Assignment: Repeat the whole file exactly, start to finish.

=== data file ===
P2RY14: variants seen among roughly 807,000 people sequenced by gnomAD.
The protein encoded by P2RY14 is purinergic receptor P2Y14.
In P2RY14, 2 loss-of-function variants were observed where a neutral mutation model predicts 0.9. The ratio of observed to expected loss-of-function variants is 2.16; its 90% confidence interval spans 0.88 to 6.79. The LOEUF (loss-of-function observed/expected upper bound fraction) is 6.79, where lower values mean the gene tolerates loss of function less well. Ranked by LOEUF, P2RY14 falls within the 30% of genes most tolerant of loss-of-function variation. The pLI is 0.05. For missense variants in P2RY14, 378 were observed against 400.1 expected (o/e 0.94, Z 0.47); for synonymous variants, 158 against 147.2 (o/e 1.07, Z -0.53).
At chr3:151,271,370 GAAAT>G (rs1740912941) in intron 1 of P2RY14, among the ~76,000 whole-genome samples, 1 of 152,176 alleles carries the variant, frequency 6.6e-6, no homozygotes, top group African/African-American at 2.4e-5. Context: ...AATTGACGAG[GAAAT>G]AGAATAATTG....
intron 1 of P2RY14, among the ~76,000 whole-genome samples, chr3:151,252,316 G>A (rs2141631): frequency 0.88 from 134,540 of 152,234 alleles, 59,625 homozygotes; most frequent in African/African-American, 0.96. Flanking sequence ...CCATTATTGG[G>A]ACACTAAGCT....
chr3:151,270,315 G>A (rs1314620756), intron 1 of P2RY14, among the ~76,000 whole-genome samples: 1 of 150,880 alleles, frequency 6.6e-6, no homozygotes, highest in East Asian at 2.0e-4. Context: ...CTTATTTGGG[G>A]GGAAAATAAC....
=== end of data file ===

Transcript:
P2RY14: variants seen among roughly 807,000 people sequenced by gnomAD.
The protein encoded by P2RY14 is purinergic receptor P2Y14.
In P2RY14, 2 loss-of-function variants were observed where a neutral mutation model predicts 0.9. The ratio of observed to expected loss-of-function variants is 2.16; its 90% confidence interval spans 0.88 to 6.79. The LOEUF (loss-of-function observed/expected upper bound fraction) is 6.79, where lower values mean the gene tolerates loss of function less well. Ranked by LOEUF, P2RY14 falls within the 30% of genes most tolerant of loss-of-function variation. The pLI is 0.05. For missense variants in P2RY14, 378 were observed against 400.1 expected (o/e 0.94, Z 0.47); for synonymous variants, 158 against 147.2 (o/e 1.07, Z -0.53).
At chr3:151,271,370 GAAAT>G (rs1740912941) in intron 1 of P2RY14, among the ~76,000 whole-genome samples, 1 of 152,176 alleles carries the variant, frequency 6.6e-6, no homozygotes, top group African/African-American at 2.4e-5. Context: ...AATTGACGAG[GAAAT>G]AGAATAATTG....
intron 1 of P2RY14, among the ~76,000 whole-genome samples, chr3:151,252,316 G>A (rs2141631): frequency 0.88 from 134,540 of 152,234 alleles, 59,625 homozygotes; most frequent in African/African-American, 0.96. Flanking sequence ...CCATTATTGG[G>A]ACACTAAGCT....
chr3:151,270,315 G>A (rs1314620756), intron 1 of P2RY14, among the ~76,000 whole-genome samples: 1 of 150,880 alleles, frequency 6.6e-6, no homozygotes, highest in East Asian at 2.0e-4. Context: ...CTTATTTGGG[G>A]GGAAAATAAC....